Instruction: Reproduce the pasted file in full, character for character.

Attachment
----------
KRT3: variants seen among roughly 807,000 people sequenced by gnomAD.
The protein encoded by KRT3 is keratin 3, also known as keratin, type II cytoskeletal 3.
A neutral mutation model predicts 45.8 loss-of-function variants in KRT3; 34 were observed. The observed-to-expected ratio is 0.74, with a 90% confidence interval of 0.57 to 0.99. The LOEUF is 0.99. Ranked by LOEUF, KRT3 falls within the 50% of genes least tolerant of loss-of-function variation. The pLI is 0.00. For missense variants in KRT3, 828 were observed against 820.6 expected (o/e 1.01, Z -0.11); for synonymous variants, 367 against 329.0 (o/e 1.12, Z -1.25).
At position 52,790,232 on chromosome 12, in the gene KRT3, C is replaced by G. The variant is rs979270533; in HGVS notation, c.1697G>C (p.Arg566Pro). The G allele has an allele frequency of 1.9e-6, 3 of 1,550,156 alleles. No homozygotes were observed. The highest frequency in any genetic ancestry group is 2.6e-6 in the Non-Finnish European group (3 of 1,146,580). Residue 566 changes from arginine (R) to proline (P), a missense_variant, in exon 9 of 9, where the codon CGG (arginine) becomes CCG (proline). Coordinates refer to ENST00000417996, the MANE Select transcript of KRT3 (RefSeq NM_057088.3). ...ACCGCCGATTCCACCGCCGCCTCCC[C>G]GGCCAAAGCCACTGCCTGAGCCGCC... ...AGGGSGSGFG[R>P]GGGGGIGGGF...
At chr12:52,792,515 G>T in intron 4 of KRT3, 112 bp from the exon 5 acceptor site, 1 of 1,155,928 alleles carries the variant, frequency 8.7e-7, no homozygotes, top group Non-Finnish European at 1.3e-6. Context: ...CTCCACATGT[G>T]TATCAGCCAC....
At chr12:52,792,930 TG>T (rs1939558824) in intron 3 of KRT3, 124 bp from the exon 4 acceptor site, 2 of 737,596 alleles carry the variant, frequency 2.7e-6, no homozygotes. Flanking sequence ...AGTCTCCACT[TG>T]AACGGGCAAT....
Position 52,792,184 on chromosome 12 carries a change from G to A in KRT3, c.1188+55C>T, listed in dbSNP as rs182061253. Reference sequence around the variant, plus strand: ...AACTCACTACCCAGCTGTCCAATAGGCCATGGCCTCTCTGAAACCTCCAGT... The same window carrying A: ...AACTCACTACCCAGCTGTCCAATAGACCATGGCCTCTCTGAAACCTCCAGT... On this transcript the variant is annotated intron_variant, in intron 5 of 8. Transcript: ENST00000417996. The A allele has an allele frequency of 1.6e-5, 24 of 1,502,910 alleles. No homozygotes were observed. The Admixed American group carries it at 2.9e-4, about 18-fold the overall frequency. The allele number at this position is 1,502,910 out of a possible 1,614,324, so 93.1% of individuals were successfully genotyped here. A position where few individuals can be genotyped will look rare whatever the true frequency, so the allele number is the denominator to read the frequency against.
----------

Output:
KRT3: variants seen among roughly 807,000 people sequenced by gnomAD.
The protein encoded by KRT3 is keratin 3, also known as keratin, type II cytoskeletal 3.
A neutral mutation model predicts 45.8 loss-of-function variants in KRT3; 34 were observed. The observed-to-expected ratio is 0.74, with a 90% confidence interval of 0.57 to 0.99. The LOEUF is 0.99. Ranked by LOEUF, KRT3 falls within the 50% of genes least tolerant of loss-of-function variation. The pLI is 0.00. For missense variants in KRT3, 828 were observed against 820.6 expected (o/e 1.01, Z -0.11); for synonymous variants, 367 against 329.0 (o/e 1.12, Z -1.25).
At position 52,790,232 on chromosome 12, in the gene KRT3, C is replaced by G. The variant is rs979270533; in HGVS notation, c.1697G>C (p.Arg566Pro). The G allele has an allele frequency of 1.9e-6, 3 of 1,550,156 alleles. No homozygotes were observed. The highest frequency in any genetic ancestry group is 2.6e-6 in the Non-Finnish European group (3 of 1,146,580). Residue 566 changes from arginine (R) to proline (P), a missense_variant, in exon 9 of 9, where the codon CGG (arginine) becomes CCG (proline). Coordinates refer to ENST00000417996, the MANE Select transcript of KRT3 (RefSeq NM_057088.3). ...ACCGCCGATTCCACCGCCGCCTCCC[C>G]GGCCAAAGCCACTGCCTGAGCCGCC... ...AGGGSGSGFG[R>P]GGGGGIGGGF...
At chr12:52,792,515 G>T in intron 4 of KRT3, 112 bp from the exon 5 acceptor site, 1 of 1,155,928 alleles carries the variant, frequency 8.7e-7, no homozygotes, top group Non-Finnish European at 1.3e-6. Context: ...CTCCACATGT[G>T]TATCAGCCAC....
At chr12:52,792,930 TG>T (rs1939558824) in intron 3 of KRT3, 124 bp from the exon 4 acceptor site, 2 of 737,596 alleles carry the variant, frequency 2.7e-6, no homozygotes. Flanking sequence ...AGTCTCCACT[TG>T]AACGGGCAAT....
Position 52,792,184 on chromosome 12 carries a change from G to A in KRT3, c.1188+55C>T, listed in dbSNP as rs182061253. Reference sequence around the variant, plus strand: ...AACTCACTACCCAGCTGTCCAATAGGCCATGGCCTCTCTGAAACCTCCAGT... The same window carrying A: ...AACTCACTACCCAGCTGTCCAATAGACCATGGCCTCTCTGAAACCTCCAGT... On this transcript the variant is annotated intron_variant, in intron 5 of 8. Transcript: ENST00000417996. The A allele has an allele frequency of 1.6e-5, 24 of 1,502,910 alleles. No homozygotes were observed. The Admixed American group carries it at 2.9e-4, about 18-fold the overall frequency. The allele number at this position is 1,502,910 out of a possible 1,614,324, so 93.1% of individuals were successfully genotyped here. A position where few individuals can be genotyped will look rare whatever the true frequency, so the allele number is the denominator to read the frequency against.